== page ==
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BOOKS : Leaving His Mark With Fans

October 02, 1994|PATRICIA WARD BIEDERMAN | TIMES STAFF WRITER

A book signing can be a sobering experience, says Donald Westlake, master of the comic mystery who is on a national book tour promoting his latest, "Baby, Would I Lie?"

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"It's very much like drowning. My whole life passes before my eyes. The only difference is I have to sign it."

And sign he has on a trek across the country that brought him to the Los Angeles area last month, signing books and doing whatever else it took to inspire the interest of potential buyers.

On a recent Wednesday morning he was in the North Hollywood studios of Pacifica Radio's KPFK (90.7-FM) where he deftly fielded the questions of Pearl Skotnes, veteran host of "All About Books." Also on Westlake's local schedule: signing books until it hurts at bookstores from West Hollywood to Pasadena.

The book tour, with its interviews and book signings, is a necessary evil, says Westlake, who in 1993 was named a Grand Master, the highest honor of the Mystery Writers of America. Actually, he says, a book tour isn't nearly as ghastly as the other necessary evil in his professional life: taking meetings with movie producers.

Westlake has produced more than 80 titles, if you count those written under at least five pseudonyms ("Nobody has ever asked me to write faster," he noted). But he is also a successful screenwriter.

His script for "The Grifters" was nominated for an Academy Award, and he also wrote "The Stepfather"--screenplays as dark as many of his novels are hilarious.

Westlake says his mentor in the screen trade was William Goldman, who adapted Westlake's comic caper "The Hot Rock" for the 1972 film starring Robert Redford as hard-working criminal John Dortmunder. Instead of simply cringing at every change Goldman made, Westlake listened and learned as Goldman explained what works and what doesn't on screen.

But Westlake was in town to move copies of "Baby, Would I Lie?" (Mysterious Press). "To go on the road to hawk a book is certainly not as bad as not being asked to go on the road to hawk a book," he said.

No one knows exactly what impact book signings have on book sales, although Westlake says he's heard that signed books move twice as fast as unsigned ones. Signings are good for business, especially at specialty bookstores such as Mysterious Bookshop in West Los Angeles, said manager Shelly McArthur.

McArthur's regulars, many of whom would rather skip Christmas than a favorite writer's new novel, line up to exchange a few words with an author and have him or her inscribe a pristine copy of the book. "Many times, we're offering the one thing people can't get by buying the book at discount," McArthur said.

Westlake is very accommodating with his admirers. A fan once showed up at a signing with two shopping bags full of back issues of Playboy magazine, featuring Westlake stories to be signed. Unlike writer John Irving, who now only signs books for friends and overseas admirers, Westlake almost always obliges.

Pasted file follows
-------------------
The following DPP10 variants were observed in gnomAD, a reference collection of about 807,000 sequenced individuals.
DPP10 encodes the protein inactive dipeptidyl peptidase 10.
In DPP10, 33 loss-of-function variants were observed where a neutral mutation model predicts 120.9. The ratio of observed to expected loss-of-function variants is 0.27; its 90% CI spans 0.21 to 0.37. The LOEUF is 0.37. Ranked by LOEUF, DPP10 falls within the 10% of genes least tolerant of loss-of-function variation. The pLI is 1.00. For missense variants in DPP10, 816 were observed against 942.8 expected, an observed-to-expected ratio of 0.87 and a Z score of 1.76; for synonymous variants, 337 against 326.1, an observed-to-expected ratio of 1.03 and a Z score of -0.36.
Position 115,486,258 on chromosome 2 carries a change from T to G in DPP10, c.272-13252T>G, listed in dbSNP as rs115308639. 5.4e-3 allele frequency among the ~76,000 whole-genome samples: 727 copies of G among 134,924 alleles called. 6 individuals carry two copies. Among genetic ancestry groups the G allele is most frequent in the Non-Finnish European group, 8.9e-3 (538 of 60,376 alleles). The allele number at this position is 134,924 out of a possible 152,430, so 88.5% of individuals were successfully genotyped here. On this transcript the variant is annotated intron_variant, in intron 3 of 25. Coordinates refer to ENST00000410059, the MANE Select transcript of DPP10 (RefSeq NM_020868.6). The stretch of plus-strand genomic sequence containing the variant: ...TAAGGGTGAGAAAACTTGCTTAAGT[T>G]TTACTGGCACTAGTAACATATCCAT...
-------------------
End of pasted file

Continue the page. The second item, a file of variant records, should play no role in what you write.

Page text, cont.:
"You get the fans you deserve," said Westlake. His own followers are a fairly sunny lot, he said, although mystery and suspense is a genre with a decidedly dark side--and some fans of other writers reflect that.

According to McArthur, appearances by writer Clive Barker are the ones most likely to bring out the creatures of the night. Barker, who writes horror as well as suspense, is always being asked to sign fans' body parts, McArthur said. One local admirer even slashed his wrist so Barker could autograph his latest book in blood. The fan thoughtfully provided a quill as well.

Appealing to a different crowd, Westlake's new book is set in Branson, Mo., Mecca for some of the nation's most ardent country music fans. A New Yorker to the bone, Westlake spent several weeks soaking up local color in Branson, where no breakfast is served without grits and gravy.

His wife refused to accompany him on the last visit, inquiring: "Why can't you ever think of a story set in Paris or Rome?"

"Baby, Would I Lie?" deals with the murder trial of a country singing star (whose discography includes "If It Ain't Fried, It Ain't Food!") and the media circus that surrounds him. If all this sounds vaguely familiar, Westlake couldn't be happier. He is shamelessly willing to talk to interviewers about the sometimes startling parallels between his fiction and the O.J. Simpson murder case, including the high jinks of the tabloids. "I've found a phrase for what I've been doing," says Westlake, whose book was finished before the murders of Nicole Brown Simpson and her friend, Ronald Lyle Goldman. "I'm surfing the Zeitgeist. "

Westlake doesn't sell as many books as Dick Francis or Sue Grafton, but he isn't complaining.

"Without doing it on purpose, I think I've found the perfect middle ground," he said. "I haven't had an honest job since April, 1959. . . . and I've never had the down side of fame."

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